Phasing the difference

The SuperDARN radar network is used in upper atmospheric research and one of the radars is in Longyearbyen, Svalbard. In the main array, there are 16 individual twin-terminated folded dipole antennas that are used at selected frequencies in the 8-20MHz range (HF).

Part of the main antenna array of the Svalbard SuperDARN radar
Radio science based on data from a faulty radar is not particularly desirable. So, one of the regular operational health checks is to verify that the phasing matrix in the Svalbard radar works correctly. This is done by feeding a known signal into the radar and measuring the phase difference to the signal that has gone through the system. In the end, the measured phase differences are compared with the theoretical (design) values. Any large differences and the beamforming in the phased antenna array will not work as expected.

Good ol' analog electronics with lots of cables and blinking lights

For each individual antenna there are 16 beam "positions", or pointing directions, to measure. Connect the cables, configure beam, measure, write down the figures into the measurement logbook, disconnect cables and repeat until boredom. There are actually 20 antennas with 16 in the main array and 4 in the interferometer array, so that makes 320 very repetitive measurements. Ah, yes, that's for channel A, but there is also channel B...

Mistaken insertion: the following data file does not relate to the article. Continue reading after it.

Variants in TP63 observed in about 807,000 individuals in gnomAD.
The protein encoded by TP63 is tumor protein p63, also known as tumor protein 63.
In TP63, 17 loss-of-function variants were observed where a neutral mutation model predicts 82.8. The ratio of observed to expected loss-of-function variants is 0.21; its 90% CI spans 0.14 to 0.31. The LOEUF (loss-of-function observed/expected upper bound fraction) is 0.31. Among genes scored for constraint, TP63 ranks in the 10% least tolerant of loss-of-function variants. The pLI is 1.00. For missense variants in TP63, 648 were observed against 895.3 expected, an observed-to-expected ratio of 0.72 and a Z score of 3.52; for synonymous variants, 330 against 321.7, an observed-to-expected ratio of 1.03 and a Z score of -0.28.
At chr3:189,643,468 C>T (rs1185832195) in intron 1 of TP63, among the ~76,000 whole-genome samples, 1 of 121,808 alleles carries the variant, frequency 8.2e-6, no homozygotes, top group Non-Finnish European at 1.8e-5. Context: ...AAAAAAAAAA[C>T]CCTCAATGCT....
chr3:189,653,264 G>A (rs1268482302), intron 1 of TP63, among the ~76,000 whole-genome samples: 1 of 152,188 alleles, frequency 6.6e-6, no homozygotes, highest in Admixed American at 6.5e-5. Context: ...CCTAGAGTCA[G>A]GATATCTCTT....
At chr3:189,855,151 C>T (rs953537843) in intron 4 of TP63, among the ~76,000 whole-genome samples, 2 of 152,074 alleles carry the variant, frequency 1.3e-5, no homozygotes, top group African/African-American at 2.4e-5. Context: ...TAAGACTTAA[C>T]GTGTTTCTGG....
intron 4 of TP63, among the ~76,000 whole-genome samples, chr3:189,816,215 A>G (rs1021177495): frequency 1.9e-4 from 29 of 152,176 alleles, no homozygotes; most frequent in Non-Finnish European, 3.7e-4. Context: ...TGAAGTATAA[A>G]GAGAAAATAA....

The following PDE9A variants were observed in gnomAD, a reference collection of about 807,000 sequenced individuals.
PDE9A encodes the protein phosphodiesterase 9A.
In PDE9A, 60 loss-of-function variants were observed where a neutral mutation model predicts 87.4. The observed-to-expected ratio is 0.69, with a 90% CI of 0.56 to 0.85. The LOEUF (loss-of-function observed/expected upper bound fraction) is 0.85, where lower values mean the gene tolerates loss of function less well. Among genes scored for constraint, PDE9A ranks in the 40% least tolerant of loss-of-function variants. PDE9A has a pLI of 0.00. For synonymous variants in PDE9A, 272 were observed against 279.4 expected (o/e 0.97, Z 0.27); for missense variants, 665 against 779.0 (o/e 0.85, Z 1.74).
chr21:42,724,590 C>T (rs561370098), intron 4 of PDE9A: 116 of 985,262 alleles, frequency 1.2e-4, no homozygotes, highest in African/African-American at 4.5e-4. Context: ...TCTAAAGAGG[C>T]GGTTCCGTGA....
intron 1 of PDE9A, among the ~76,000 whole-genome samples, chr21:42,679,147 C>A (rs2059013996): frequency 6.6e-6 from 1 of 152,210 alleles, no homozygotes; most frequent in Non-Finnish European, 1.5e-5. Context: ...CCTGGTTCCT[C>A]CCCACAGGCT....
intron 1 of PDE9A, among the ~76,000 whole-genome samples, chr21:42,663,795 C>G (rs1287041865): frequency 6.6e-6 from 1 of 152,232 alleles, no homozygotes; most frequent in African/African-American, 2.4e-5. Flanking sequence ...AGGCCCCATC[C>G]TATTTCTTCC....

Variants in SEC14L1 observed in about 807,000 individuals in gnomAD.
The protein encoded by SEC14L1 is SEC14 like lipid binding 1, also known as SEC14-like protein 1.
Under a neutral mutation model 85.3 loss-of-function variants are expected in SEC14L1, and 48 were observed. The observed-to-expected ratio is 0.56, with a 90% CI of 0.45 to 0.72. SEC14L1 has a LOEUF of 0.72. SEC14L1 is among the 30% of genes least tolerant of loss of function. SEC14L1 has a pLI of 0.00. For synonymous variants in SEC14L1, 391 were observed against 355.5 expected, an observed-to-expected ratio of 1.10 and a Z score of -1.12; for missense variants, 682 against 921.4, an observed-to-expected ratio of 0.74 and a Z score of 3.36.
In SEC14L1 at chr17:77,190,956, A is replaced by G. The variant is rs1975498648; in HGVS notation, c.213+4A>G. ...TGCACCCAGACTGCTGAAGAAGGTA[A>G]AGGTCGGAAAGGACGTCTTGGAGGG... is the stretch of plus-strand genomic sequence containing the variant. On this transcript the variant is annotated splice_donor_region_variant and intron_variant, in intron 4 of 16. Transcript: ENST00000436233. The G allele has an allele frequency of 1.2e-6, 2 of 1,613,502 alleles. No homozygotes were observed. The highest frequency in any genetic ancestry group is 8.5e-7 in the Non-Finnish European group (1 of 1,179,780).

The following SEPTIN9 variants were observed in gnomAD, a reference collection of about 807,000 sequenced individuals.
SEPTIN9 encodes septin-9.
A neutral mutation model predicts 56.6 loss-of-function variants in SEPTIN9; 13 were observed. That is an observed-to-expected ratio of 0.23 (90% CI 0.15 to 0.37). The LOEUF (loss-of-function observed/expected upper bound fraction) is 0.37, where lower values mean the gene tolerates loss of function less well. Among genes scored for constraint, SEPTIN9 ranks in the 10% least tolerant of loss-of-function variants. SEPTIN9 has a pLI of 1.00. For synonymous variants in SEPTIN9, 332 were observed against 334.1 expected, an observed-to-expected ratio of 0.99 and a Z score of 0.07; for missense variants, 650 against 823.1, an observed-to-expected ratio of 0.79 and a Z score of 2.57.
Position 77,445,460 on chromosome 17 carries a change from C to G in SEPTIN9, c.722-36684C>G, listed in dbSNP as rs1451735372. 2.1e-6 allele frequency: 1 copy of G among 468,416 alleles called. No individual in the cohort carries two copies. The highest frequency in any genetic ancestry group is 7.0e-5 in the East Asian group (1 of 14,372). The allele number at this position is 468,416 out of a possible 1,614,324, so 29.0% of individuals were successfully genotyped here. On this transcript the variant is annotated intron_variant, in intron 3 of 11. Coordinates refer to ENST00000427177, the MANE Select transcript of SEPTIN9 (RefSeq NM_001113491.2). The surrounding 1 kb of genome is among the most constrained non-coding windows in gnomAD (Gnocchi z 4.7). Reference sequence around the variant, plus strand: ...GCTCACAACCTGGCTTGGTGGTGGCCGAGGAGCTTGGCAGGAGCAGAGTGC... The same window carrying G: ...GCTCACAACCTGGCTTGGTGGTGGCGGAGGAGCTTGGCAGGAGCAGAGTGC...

A half-empty table for channel A makes you wonder about the meaning of life
In the end, this year's measurements look good and, as of now, I don't think we need to open the electronics racks to see what might be wrong. Whew!

As a sidenote, a more modern approach – especially when the number of antennas is large – is to use digital beamforming. This is the implementation, for example, in EISCAT 3D. There will undoubtedly be a blog post about that in future.